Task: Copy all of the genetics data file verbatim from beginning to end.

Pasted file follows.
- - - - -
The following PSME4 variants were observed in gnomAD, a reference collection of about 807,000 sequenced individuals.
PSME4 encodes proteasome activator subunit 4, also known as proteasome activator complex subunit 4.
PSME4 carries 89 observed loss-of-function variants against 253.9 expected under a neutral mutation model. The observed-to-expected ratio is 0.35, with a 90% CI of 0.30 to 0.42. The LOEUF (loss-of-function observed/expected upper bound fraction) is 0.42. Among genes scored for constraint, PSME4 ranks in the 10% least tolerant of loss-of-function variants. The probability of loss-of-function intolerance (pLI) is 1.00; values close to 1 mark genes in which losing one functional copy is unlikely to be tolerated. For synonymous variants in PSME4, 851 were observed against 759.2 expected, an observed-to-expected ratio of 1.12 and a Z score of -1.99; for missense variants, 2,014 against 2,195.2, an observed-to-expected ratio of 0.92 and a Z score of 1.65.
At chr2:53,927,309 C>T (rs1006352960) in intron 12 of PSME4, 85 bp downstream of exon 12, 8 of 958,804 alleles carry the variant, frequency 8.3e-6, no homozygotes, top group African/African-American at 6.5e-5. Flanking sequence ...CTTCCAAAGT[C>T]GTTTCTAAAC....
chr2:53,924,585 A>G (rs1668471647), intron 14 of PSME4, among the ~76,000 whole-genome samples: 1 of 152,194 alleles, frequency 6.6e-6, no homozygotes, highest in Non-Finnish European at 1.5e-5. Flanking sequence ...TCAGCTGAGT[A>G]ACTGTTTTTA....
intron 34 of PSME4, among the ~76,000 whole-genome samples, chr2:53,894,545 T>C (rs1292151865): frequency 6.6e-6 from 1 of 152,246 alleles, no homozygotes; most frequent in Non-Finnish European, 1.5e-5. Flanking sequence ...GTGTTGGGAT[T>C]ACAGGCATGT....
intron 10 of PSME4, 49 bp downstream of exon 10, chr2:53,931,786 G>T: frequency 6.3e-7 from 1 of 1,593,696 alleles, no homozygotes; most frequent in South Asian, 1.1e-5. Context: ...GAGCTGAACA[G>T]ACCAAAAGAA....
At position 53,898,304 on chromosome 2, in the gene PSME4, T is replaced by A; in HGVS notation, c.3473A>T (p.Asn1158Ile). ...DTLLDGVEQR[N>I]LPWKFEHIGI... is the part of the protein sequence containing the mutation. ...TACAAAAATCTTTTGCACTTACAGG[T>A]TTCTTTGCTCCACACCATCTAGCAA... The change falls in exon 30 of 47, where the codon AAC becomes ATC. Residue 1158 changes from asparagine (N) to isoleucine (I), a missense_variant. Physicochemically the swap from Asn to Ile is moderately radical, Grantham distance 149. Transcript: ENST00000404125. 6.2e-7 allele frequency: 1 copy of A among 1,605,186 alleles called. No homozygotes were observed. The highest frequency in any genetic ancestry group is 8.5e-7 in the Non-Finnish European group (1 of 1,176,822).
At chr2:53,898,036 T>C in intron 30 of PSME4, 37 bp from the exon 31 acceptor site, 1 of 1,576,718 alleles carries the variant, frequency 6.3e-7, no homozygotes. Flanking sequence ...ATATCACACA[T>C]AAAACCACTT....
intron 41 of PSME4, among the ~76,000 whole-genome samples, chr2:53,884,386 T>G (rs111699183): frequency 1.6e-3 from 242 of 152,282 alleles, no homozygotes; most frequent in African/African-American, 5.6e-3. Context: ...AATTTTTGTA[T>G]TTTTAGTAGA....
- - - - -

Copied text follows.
The following PSME4 variants were observed in gnomAD, a reference collection of about 807,000 sequenced individuals.
PSME4 encodes proteasome activator subunit 4, also known as proteasome activator complex subunit 4.
PSME4 carries 89 observed loss-of-function variants against 253.9 expected under a neutral mutation model. The observed-to-expected ratio is 0.35, with a 90% CI of 0.30 to 0.42. The LOEUF (loss-of-function observed/expected upper bound fraction) is 0.42. Among genes scored for constraint, PSME4 ranks in the 10% least tolerant of loss-of-function variants. The probability of loss-of-function intolerance (pLI) is 1.00; values close to 1 mark genes in which losing one functional copy is unlikely to be tolerated. For synonymous variants in PSME4, 851 were observed against 759.2 expected, an observed-to-expected ratio of 1.12 and a Z score of -1.99; for missense variants, 2,014 against 2,195.2, an observed-to-expected ratio of 0.92 and a Z score of 1.65.
At chr2:53,927,309 C>T (rs1006352960) in intron 12 of PSME4, 85 bp downstream of exon 12, 8 of 958,804 alleles carry the variant, frequency 8.3e-6, no homozygotes, top group African/African-American at 6.5e-5. Flanking sequence ...CTTCCAAAGT[C>T]GTTTCTAAAC....
chr2:53,924,585 A>G (rs1668471647), intron 14 of PSME4, among the ~76,000 whole-genome samples: 1 of 152,194 alleles, frequency 6.6e-6, no homozygotes, highest in Non-Finnish European at 1.5e-5. Flanking sequence ...TCAGCTGAGT[A>G]ACTGTTTTTA....
intron 34 of PSME4, among the ~76,000 whole-genome samples, chr2:53,894,545 T>C (rs1292151865): frequency 6.6e-6 from 1 of 152,246 alleles, no homozygotes; most frequent in Non-Finnish European, 1.5e-5. Flanking sequence ...GTGTTGGGAT[T>C]ACAGGCATGT....
intron 10 of PSME4, 49 bp downstream of exon 10, chr2:53,931,786 G>T: frequency 6.3e-7 from 1 of 1,593,696 alleles, no homozygotes; most frequent in South Asian, 1.1e-5. Context: ...GAGCTGAACA[G>T]ACCAAAAGAA....
At position 53,898,304 on chromosome 2, in the gene PSME4, T is replaced by A; in HGVS notation, c.3473A>T (p.Asn1158Ile). ...DTLLDGVEQR[N>I]LPWKFEHIGI... is the part of the protein sequence containing the mutation. ...TACAAAAATCTTTTGCACTTACAGG[T>A]TTCTTTGCTCCACACCATCTAGCAA... The change falls in exon 30 of 47, where the codon AAC becomes ATC. Residue 1158 changes from asparagine (N) to isoleucine (I), a missense_variant. Physicochemically the swap from Asn to Ile is moderately radical, Grantham distance 149. Transcript: ENST00000404125. 6.2e-7 allele frequency: 1 copy of A among 1,605,186 alleles called. No homozygotes were observed. The highest frequency in any genetic ancestry group is 8.5e-7 in the Non-Finnish European group (1 of 1,176,822).
At chr2:53,898,036 T>C in intron 30 of PSME4, 37 bp from the exon 31 acceptor site, 1 of 1,576,718 alleles carries the variant, frequency 6.3e-7, no homozygotes. Flanking sequence ...ATATCACACA[T>C]AAAACCACTT....
intron 41 of PSME4, among the ~76,000 whole-genome samples, chr2:53,884,386 T>G (rs111699183): frequency 1.6e-3 from 242 of 152,282 alleles, no homozygotes; most frequent in African/African-American, 5.6e-3. Context: ...AATTTTTGTA[T>G]TTTTAGTAGA....